Travel photography is mostly about producing interesting visually spectacular images; what I love aboutstreet is that all of those bizarre, funny, terrifying, disgusting, heart-warming, unexpected etc, moments happen right there on the spot on many streets of a city at the same time, it’s not staged like fashion, it’s real as it is, it’s there waiting to happen and your only task as a photographer is to be there and silently capture that instant. How to get that shot? It’s a numbers game you know, the more time you spend on the street, the more you will get out of it, not only because you will spend there more hours and so your volume increases (honestly, if you take 500 pics a day there’s no way you’re not gonna get at least 15 decent ones and 1 to 5 that are very good – 1 great image a day is enough for me, 1 makes my day, anything above that feels like a bonus) but also because you will feel the street better, you’ll get the taste of it and feel more at ease with it which is crucial because let’s face it – street should be done with a wide angle lens and to do that you need to get really close to your subjects. Sometimes they almost have to feel your breath on their necks (you know what Capa said) and the viewers also have to feel it and frankly I’m not always in the mood for that. Sometimes I go beyond that barrier within me and feel okay with it and other times I just can’t. It’s all in the game. I think in the case of street photography you should be taking pictures all the time to get yourself in a state where you no longer notice the camera yourself, when taking pictures is as natural as walking. Then you forget the awkwardness of taking a picture of a total stranger in a possibly dubious situation, maybe in trouble, sticking that lens in his or her face. It’s definitely a process and it doesn’t always come easy.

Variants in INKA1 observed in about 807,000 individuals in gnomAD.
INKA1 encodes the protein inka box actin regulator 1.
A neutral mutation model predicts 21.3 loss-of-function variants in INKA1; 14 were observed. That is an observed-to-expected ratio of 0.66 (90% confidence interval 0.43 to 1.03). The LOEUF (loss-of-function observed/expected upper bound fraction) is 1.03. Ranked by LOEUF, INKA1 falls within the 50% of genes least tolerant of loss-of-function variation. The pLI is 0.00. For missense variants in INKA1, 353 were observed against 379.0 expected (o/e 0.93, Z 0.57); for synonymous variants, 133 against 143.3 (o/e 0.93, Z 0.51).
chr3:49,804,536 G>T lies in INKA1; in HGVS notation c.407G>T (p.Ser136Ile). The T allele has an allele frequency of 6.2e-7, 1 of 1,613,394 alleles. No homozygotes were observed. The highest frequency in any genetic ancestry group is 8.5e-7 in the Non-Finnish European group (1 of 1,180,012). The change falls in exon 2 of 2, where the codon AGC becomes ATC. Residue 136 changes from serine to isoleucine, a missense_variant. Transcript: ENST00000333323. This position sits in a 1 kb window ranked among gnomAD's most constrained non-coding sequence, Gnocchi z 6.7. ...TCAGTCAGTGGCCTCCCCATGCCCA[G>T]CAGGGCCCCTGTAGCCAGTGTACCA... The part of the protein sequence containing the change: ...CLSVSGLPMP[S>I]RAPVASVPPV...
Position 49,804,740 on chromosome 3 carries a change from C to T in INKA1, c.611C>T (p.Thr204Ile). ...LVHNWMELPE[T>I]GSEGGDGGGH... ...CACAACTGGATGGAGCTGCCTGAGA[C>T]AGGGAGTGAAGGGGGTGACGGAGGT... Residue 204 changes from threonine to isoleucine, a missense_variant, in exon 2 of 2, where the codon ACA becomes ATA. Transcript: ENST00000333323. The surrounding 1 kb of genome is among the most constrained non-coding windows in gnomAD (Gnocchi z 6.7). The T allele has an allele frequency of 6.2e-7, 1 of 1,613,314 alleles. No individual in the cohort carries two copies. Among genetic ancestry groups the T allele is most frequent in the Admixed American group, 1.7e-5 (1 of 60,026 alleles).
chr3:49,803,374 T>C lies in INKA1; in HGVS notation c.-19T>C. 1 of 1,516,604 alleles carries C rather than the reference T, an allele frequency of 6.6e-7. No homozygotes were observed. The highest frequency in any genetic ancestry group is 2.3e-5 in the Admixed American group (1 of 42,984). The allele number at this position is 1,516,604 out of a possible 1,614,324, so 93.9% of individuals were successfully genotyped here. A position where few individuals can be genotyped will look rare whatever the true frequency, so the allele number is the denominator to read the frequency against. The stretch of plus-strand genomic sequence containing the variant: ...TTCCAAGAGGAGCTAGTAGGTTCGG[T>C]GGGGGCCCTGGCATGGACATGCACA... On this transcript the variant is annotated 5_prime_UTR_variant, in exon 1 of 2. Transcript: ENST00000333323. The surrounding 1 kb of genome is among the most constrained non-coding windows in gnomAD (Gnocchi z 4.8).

12/ What have you learned as a photographer during your travels? What deeds or marking tale?

When I traveled in Latin America I came closer to the people mostly through the good knowledge of the language but also thanks to photography. I became more socially sensitive and aware of how things are in those parts of the world. It’s a different thing when you hear about people struggling for survival on TV and a whole different ball game when you’re actually there to see it and you hear those people’s stories first hand. I was so happy to be able to speak good Spanish, listen to what they had to say. And they had to say a lot and it wasn’t pretty all the time. Listening to people on Cuba was actually often pretty depressing. There are quite a few memorable street situations over the years. Where do I begin? I described one of them above, but there’s aplenty. One that comes to mind right now is when I was chased by a drunken prisoner on the streets of Edinburgh. It was Halloween around midnight – go figure.


14/ What photographers do you think are some of the best portraitists? What are your favorite portraits of photographers?

Too many. Irving Penn I like among hundreds. I saw a very good exhibit in London some time ago. I liked his series where he put people in a very tight corner made of carton and then took their pictures probably without giving them time to get comfortable. It’s more than a simple photograph. It’s challenging people, putting them in an (literally) uncomfortable situation and recording how they cope with it. Brilliant.